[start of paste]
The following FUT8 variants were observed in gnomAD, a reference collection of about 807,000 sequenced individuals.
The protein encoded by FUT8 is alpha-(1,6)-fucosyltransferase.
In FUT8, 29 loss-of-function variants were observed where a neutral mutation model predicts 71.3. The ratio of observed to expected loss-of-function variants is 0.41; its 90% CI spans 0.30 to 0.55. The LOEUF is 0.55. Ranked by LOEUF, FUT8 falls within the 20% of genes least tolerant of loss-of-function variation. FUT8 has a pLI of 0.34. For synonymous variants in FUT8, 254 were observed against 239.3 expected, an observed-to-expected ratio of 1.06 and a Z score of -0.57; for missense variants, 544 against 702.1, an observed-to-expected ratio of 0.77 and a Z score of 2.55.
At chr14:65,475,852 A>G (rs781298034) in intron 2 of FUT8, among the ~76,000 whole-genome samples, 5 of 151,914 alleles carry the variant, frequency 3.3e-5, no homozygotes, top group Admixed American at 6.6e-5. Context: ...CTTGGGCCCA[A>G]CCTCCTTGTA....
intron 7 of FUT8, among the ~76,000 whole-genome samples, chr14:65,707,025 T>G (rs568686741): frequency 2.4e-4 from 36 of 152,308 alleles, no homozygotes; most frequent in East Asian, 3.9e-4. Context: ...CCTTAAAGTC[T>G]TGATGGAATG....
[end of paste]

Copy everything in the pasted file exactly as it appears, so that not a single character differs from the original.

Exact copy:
The following FUT8 variants were observed in gnomAD, a reference collection of about 807,000 sequenced individuals.
The protein encoded by FUT8 is alpha-(1,6)-fucosyltransferase.
In FUT8, 29 loss-of-function variants were observed where a neutral mutation model predicts 71.3. The ratio of observed to expected loss-of-function variants is 0.41; its 90% CI spans 0.30 to 0.55. The LOEUF is 0.55. Ranked by LOEUF, FUT8 falls within the 20% of genes least tolerant of loss-of-function variation. FUT8 has a pLI of 0.34. For synonymous variants in FUT8, 254 were observed against 239.3 expected, an observed-to-expected ratio of 1.06 and a Z score of -0.57; for missense variants, 544 against 702.1, an observed-to-expected ratio of 0.77 and a Z score of 2.55.
At chr14:65,475,852 A>G (rs781298034) in intron 2 of FUT8, among the ~76,000 whole-genome samples, 5 of 151,914 alleles carry the variant, frequency 3.3e-5, no homozygotes, top group Admixed American at 6.6e-5. Context: ...CTTGGGCCCA[A>G]CCTCCTTGTA....
intron 7 of FUT8, among the ~76,000 whole-genome samples, chr14:65,707,025 T>G (rs568686741): frequency 2.4e-4 from 36 of 152,308 alleles, no homozygotes; most frequent in East Asian, 3.9e-4. Context: ...CCTTAAAGTC[T>G]TGATGGAATG....